Half a century has gone by but little has changed in India’s dovish approach to China’s overbearing and increasing influence. Neither has the Chinese line of thought budged from following the aphorisms of Sun Tzu, an ancient military strategist who encouraged the nation to appear weak when strong and strong when weak.
Since its inception in 1949, this one-party communist state has engaged in maleficent practices of political repression, mass surveillance, censorship and human rights abuses. And yet, the communist state has commanded a key place in the diplomatic sphere of the world.
The country with a known record of human rights violation was once again appointed to the United Nations Human Rights Council in 2020, even after 39 nations lambasted China at the UN General Assembly for its abuse of Uyghur Muslims, an ethnic minority in the Xinjiang region of the country and its conduct in crushing dissent with force in Hong Kong.
The economic reforms introduced by China in 1978 brought in a cascade of significant achievements for the country and made it the world’s fastest growing consumer market while developing the world’s largest banking sector and raking in the highest exports. Today, China has become the second largest economy in the world with a GDP of $13.6 trillion, trailing only behind the US. From a defence perspective, China is a recognised nuclear weapons state that has the world’s largest standing army and the second largest defence budget.
With a place in the UN Security Council, a growing economy, rapid infrastructural development and expanding military, China is now characterised as an emerging superpower. Such an incremental rise in its economic, defensse and technological prowess makes it an imposing political entity in the eyes of the world’s leading democracies, including India. In 2013, China initiated the Belt and Road Initiative, an infrastructure project to build overland routes for road and rail transportation through the land locked regions of Central Asia—a move aimed at the creation of a Sino-centric international trade network.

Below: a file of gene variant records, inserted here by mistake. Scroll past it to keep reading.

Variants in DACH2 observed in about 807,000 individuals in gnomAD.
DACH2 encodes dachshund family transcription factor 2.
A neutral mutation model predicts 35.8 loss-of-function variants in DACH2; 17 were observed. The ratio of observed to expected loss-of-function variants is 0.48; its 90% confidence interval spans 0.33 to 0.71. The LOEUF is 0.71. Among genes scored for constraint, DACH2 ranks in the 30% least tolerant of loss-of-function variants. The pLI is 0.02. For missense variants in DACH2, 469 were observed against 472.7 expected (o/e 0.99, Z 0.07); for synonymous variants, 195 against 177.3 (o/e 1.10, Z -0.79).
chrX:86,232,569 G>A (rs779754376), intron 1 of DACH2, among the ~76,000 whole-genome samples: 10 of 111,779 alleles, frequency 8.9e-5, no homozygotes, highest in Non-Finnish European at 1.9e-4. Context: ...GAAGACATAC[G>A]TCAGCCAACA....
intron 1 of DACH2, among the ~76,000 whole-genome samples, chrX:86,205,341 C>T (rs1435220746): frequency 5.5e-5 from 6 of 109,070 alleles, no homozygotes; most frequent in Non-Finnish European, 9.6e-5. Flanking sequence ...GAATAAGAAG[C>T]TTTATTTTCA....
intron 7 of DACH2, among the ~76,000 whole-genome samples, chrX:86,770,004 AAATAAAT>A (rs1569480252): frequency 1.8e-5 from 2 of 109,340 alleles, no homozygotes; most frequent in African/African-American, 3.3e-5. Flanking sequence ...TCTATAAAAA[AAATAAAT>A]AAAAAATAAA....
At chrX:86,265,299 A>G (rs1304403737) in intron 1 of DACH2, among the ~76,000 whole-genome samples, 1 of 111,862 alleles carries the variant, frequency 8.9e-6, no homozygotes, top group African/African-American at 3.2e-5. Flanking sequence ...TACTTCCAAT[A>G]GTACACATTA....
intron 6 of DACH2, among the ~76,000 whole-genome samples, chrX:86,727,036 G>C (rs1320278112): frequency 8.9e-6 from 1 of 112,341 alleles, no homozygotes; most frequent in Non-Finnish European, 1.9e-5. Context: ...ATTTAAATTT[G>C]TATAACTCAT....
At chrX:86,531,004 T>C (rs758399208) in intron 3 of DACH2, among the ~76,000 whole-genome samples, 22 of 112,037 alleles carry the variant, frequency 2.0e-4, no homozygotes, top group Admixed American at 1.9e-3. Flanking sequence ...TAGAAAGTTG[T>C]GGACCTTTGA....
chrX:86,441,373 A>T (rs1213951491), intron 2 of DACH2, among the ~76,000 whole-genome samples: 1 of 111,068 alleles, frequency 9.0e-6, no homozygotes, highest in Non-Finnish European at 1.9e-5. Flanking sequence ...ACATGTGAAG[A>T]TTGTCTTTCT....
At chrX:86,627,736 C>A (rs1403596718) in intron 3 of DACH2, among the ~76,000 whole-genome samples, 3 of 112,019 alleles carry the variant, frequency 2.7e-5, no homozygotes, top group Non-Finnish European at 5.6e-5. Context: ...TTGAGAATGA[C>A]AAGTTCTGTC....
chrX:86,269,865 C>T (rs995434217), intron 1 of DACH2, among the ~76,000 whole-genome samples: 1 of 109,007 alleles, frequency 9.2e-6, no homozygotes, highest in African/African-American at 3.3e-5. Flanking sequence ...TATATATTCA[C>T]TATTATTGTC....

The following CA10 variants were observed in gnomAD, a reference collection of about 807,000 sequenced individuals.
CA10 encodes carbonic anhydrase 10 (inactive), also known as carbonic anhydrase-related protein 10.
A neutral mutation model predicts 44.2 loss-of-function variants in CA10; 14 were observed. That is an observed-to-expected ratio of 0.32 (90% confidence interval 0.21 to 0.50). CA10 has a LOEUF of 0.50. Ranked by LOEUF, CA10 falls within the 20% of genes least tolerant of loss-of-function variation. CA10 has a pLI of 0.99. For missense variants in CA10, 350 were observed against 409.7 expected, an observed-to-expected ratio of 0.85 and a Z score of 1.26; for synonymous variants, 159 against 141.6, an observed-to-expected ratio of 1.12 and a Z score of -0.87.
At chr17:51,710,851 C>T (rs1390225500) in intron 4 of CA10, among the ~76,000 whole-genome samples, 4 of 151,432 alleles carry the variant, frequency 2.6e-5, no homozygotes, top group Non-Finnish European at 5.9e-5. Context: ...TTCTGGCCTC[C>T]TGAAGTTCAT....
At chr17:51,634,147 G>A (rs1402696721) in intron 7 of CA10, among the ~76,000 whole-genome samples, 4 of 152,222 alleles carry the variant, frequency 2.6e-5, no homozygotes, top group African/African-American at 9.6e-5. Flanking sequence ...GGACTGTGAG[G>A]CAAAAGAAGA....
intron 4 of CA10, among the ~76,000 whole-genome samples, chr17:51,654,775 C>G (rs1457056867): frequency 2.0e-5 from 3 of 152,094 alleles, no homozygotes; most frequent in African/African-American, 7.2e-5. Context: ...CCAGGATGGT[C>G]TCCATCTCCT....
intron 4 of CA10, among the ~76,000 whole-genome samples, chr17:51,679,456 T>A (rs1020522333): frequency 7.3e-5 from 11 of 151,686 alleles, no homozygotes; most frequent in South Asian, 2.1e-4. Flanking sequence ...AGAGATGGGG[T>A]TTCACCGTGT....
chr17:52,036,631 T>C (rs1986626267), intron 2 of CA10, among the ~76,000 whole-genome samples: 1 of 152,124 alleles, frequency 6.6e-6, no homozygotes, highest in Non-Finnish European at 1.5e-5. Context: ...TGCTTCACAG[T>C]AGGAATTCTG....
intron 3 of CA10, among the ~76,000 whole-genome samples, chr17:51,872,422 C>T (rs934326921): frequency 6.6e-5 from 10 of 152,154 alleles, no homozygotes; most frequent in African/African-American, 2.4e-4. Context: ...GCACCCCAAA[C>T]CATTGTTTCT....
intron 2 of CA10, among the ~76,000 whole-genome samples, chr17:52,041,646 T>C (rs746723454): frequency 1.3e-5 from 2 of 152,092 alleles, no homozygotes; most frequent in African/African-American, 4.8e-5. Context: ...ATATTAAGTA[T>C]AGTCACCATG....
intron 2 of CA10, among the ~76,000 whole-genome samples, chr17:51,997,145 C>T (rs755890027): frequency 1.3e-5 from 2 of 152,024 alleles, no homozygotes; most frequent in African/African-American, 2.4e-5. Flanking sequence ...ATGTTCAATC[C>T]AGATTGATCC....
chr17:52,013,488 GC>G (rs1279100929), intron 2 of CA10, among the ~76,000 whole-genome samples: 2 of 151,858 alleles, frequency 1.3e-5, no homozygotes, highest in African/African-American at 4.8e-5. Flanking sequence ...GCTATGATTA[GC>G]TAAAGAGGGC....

Though China contends that the project has provided markets for commodities, created employment and stimulated industrialisation and technology transfer for host nations, many critics believe that the initiative is a form of neo-colonialism. The allegation has some basis since the funds that China gives to nations under BRI often involve the practice of debt diplomacy, a practice in which the lending nation seeks to saddle the borrowing nation with enormous amounts of debt in order to leverage power over it.
With its increasing financial, military and technological power, China has escalated conflicts with other nations over the last few years. Those nations having an interest in the South China Sea and nations such as India with whom it shares a border are often at the receiving end of China’s threats and aggressions. The recent clashes in Ladakh’s Galwan Valley where 20 Indian soldiers lost their lives in a confrontation with Chinese forces along the Line of Actual Control (LAC) demonstrates how fast hostilities between the two nations can boil over into armed conflicts.
Keeping in view China growing political, economic and military assertions that pose an imminent threat to democratic ideals globally, an international group of parliamentarians from 19 democratic nations—known as the Inter-Parliamentary Alliance on China (IPAC)—was formed in June 2020.
Till now, India is not a part of this alliance of democratic nations that has representation from legislators from the US, Australia, Canada, France, Germany and UK, amongst others. Joining such a global alliance could provide India a platform to bring international attention to the many issues that involve China. From aggressions on the border, to the South China Sea and the plight of Tibetans, several issues of Chinese expansionism with global significance have a direct impact on India. As a democratic nation that aims for peace and progress globally, India has a responsibility to voice its concerns with China’s growing aggression on international forums. Taking a leadership role in global issues involving China will also serve to strengthen India’s position as a growing power that stands for human rights and democratic ideals.
Asia lacks a multinational, democratic alliance to collectively respond to threats that China poses to all other nations in the region. India can play a pivotal role in leading Asian nations into global alliances such as IPAC that are attempting to build coalitions that can preserve democratic values around the world.
The writer is the founder of Red Lantern Analytica, an international affairs observer group based in New Delhi.